Irritable bowl syndrome affects the muscles in the intestines. It can cause gas, abdominal pain, diarrhea or constipation. The syndrome can be painful and uncomfortable. It usually does not lead to further diseases. Most people can control symptoms through diet, stress management and medication.
Inflammatory Bowel Diseases
Inflammatory bowel diseases include Crohn's disease and ulcerative colitis. It leads to severe bowel problems, abdominal pain and malnutrition. Crohn's disease and ulcerative colitis can be painful and debilitating. Medication can eliminate symptoms and prevent flare-ups. Surgery may be needed in some cases to repair the colon.
The disease occurs when pouches in the large intestine become infected and inflamed, according to the American Academy of Family Physicians. Symptoms may include severe abdominal pain often in the lower left side of the abdomen, constipation, diarrhea, nausea or fever. People with the disease are advised to eat more fiber to help with proper digestion.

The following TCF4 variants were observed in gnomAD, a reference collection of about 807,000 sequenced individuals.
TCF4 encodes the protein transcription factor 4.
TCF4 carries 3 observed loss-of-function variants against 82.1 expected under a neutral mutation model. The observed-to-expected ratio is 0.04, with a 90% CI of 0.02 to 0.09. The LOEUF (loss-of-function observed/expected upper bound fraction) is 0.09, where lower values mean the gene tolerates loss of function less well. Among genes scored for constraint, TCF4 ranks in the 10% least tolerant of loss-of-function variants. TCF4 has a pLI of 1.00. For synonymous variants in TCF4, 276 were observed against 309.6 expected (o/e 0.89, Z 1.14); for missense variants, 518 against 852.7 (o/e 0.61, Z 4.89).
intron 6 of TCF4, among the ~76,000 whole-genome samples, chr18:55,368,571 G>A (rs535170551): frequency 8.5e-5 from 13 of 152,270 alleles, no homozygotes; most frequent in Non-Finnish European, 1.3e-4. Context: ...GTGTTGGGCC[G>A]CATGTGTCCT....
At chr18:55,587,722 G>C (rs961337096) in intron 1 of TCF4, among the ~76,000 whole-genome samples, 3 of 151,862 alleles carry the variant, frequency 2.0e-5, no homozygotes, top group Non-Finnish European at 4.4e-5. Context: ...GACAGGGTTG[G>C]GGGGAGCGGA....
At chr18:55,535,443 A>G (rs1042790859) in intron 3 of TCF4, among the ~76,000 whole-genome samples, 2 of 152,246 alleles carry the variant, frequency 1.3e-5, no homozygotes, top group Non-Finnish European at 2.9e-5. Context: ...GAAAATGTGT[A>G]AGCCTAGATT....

Fat gets a bad rap, but it's essential to your health. If your body isn't able to absorb fat from the food you eat, you're also not absorbing fat-soluble vitamins and other essential nutrients, which may lead to deficiencies and malnutrition. A few disorders are associated with problems with fat digestion and metabolism, including pancreatitis, cystic fibrosis and Zollinger-Ellison Syndrome. If you suspect you're not absorbing fat properly, consult your doctor.
Normal Fat Digestion and Metabolism